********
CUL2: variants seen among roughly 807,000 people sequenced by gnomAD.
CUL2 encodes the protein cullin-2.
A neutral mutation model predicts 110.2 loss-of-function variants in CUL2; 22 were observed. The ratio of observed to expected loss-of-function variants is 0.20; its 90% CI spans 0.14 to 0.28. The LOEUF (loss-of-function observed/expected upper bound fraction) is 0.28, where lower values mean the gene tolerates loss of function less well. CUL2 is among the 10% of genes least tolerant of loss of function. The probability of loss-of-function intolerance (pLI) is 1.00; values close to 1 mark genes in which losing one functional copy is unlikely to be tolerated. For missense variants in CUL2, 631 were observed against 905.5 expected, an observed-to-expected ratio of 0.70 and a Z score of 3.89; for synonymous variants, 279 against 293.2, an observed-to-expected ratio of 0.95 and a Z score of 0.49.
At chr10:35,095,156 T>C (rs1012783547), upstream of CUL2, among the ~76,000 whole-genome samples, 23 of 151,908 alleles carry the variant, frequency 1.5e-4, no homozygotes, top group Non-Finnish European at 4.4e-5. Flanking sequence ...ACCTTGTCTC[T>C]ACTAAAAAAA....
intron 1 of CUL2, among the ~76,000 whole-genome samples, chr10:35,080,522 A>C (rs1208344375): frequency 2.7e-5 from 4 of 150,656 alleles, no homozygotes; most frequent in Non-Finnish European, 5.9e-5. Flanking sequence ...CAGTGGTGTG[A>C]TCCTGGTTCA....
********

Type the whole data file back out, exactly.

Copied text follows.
CUL2: variants seen among roughly 807,000 people sequenced by gnomAD.
CUL2 encodes the protein cullin-2.
A neutral mutation model predicts 110.2 loss-of-function variants in CUL2; 22 were observed. The ratio of observed to expected loss-of-function variants is 0.20; its 90% CI spans 0.14 to 0.28. The LOEUF (loss-of-function observed/expected upper bound fraction) is 0.28, where lower values mean the gene tolerates loss of function less well. CUL2 is among the 10% of genes least tolerant of loss of function. The probability of loss-of-function intolerance (pLI) is 1.00; values close to 1 mark genes in which losing one functional copy is unlikely to be tolerated. For missense variants in CUL2, 631 were observed against 905.5 expected, an observed-to-expected ratio of 0.70 and a Z score of 3.89; for synonymous variants, 279 against 293.2, an observed-to-expected ratio of 0.95 and a Z score of 0.49.
At chr10:35,095,156 T>C (rs1012783547), upstream of CUL2, among the ~76,000 whole-genome samples, 23 of 151,908 alleles carry the variant, frequency 1.5e-4, no homozygotes, top group Non-Finnish European at 4.4e-5. Flanking sequence ...ACCTTGTCTC[T>C]ACTAAAAAAA....
intron 1 of CUL2, among the ~76,000 whole-genome samples, chr10:35,080,522 A>C (rs1208344375): frequency 2.7e-5 from 4 of 150,656 alleles, no homozygotes; most frequent in Non-Finnish European, 5.9e-5. Flanking sequence ...CAGTGGTGTG[A>C]TCCTGGTTCA....